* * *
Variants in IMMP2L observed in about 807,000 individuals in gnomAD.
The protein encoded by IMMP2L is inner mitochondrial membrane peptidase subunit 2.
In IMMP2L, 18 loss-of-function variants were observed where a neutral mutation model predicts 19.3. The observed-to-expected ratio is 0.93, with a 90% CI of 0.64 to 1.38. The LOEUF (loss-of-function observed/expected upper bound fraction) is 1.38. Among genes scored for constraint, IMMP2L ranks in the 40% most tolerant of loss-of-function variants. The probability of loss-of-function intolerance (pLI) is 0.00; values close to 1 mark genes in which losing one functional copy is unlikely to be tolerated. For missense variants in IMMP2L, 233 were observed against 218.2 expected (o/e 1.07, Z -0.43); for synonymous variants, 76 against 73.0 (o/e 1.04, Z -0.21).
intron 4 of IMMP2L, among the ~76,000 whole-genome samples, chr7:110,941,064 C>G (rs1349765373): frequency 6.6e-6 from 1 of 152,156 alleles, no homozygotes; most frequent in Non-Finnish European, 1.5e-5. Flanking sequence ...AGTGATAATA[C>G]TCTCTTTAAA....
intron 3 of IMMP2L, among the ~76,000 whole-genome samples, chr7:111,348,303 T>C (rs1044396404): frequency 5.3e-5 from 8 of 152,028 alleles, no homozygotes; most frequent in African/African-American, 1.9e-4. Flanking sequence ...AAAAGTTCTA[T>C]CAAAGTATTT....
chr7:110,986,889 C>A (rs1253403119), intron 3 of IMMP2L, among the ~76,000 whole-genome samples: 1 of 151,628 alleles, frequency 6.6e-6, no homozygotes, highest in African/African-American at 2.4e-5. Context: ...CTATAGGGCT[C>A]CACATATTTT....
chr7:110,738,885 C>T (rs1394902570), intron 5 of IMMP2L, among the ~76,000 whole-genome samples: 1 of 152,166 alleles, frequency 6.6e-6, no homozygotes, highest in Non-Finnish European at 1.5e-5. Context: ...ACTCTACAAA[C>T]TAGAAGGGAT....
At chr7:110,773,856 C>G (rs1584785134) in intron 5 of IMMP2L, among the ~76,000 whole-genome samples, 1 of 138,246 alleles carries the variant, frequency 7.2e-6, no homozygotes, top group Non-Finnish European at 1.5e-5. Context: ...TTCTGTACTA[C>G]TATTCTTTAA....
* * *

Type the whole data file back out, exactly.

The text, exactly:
Variants in IMMP2L observed in about 807,000 individuals in gnomAD.
The protein encoded by IMMP2L is inner mitochondrial membrane peptidase subunit 2.
In IMMP2L, 18 loss-of-function variants were observed where a neutral mutation model predicts 19.3. The observed-to-expected ratio is 0.93, with a 90% CI of 0.64 to 1.38. The LOEUF (loss-of-function observed/expected upper bound fraction) is 1.38. Among genes scored for constraint, IMMP2L ranks in the 40% most tolerant of loss-of-function variants. The probability of loss-of-function intolerance (pLI) is 0.00; values close to 1 mark genes in which losing one functional copy is unlikely to be tolerated. For missense variants in IMMP2L, 233 were observed against 218.2 expected (o/e 1.07, Z -0.43); for synonymous variants, 76 against 73.0 (o/e 1.04, Z -0.21).
intron 4 of IMMP2L, among the ~76,000 whole-genome samples, chr7:110,941,064 C>G (rs1349765373): frequency 6.6e-6 from 1 of 152,156 alleles, no homozygotes; most frequent in Non-Finnish European, 1.5e-5. Flanking sequence ...AGTGATAATA[C>G]TCTCTTTAAA....
intron 3 of IMMP2L, among the ~76,000 whole-genome samples, chr7:111,348,303 T>C (rs1044396404): frequency 5.3e-5 from 8 of 152,028 alleles, no homozygotes; most frequent in African/African-American, 1.9e-4. Flanking sequence ...AAAAGTTCTA[T>C]CAAAGTATTT....
chr7:110,986,889 C>A (rs1253403119), intron 3 of IMMP2L, among the ~76,000 whole-genome samples: 1 of 151,628 alleles, frequency 6.6e-6, no homozygotes, highest in African/African-American at 2.4e-5. Context: ...CTATAGGGCT[C>A]CACATATTTT....
chr7:110,738,885 C>T (rs1394902570), intron 5 of IMMP2L, among the ~76,000 whole-genome samples: 1 of 152,166 alleles, frequency 6.6e-6, no homozygotes, highest in Non-Finnish European at 1.5e-5. Context: ...ACTCTACAAA[C>T]TAGAAGGGAT....
At chr7:110,773,856 C>G (rs1584785134) in intron 5 of IMMP2L, among the ~76,000 whole-genome samples, 1 of 138,246 alleles carries the variant, frequency 7.2e-6, no homozygotes, top group Non-Finnish European at 1.5e-5. Context: ...TTCTGTACTA[C>G]TATTCTTTAA....